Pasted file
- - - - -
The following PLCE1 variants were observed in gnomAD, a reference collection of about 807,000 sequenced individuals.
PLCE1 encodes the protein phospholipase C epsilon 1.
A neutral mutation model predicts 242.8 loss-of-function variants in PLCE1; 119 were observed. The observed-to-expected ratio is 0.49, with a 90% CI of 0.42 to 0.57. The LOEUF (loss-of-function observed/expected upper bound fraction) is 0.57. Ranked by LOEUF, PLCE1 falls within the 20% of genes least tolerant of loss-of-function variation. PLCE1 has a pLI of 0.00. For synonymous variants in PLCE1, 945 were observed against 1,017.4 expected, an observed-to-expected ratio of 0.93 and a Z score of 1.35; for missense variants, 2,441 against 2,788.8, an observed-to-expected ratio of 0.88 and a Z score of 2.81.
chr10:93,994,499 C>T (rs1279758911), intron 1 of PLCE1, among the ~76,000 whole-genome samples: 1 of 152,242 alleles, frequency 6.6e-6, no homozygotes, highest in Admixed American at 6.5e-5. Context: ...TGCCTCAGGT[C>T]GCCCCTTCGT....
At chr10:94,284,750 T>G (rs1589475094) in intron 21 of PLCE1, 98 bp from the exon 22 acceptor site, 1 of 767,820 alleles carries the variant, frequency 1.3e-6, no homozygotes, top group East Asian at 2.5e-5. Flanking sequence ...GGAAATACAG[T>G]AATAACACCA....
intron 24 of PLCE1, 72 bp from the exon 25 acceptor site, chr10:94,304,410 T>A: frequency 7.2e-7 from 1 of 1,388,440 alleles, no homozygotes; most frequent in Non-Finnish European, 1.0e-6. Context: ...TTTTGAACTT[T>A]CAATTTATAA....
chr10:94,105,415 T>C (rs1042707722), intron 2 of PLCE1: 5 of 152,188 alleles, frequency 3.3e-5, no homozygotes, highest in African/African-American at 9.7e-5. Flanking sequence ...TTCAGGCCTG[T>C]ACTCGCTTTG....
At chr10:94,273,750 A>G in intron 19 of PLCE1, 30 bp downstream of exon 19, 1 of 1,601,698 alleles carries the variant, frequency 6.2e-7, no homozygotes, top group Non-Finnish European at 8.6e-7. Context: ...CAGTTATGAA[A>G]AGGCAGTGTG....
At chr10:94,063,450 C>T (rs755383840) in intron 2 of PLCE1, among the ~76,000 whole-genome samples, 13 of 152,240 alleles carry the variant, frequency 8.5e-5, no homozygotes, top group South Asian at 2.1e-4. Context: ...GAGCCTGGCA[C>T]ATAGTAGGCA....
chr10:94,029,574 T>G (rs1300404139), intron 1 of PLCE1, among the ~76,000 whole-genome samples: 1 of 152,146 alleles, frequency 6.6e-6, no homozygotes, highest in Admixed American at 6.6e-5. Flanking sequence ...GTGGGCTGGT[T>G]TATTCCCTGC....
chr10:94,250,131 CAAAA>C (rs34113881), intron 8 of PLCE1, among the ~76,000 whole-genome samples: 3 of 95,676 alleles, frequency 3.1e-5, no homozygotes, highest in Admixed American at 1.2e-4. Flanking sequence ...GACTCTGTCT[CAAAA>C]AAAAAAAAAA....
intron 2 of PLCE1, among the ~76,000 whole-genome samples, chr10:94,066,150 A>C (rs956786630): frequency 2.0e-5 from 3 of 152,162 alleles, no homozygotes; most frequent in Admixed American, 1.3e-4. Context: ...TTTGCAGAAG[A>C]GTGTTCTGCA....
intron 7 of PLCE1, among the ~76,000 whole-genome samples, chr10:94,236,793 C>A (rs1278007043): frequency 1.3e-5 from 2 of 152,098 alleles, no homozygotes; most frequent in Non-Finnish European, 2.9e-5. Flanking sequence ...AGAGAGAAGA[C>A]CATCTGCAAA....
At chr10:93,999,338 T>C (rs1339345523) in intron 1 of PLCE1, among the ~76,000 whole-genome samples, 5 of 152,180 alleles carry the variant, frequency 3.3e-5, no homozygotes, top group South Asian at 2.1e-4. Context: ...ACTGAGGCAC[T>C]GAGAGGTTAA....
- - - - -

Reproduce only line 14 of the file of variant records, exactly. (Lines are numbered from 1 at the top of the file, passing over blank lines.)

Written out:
At chr10:93,999,338 T>C (rs1339345523) in intron 1 of PLCE1, among the ~76,000 whole-genome samples, 5 of 152,180 alleles carry the variant, frequency 3.3e-5, no homozygotes, top group South Asian at 2.1e-4. Context: ...ACTGAGGCAC[T>C]GAGAGGTTAA....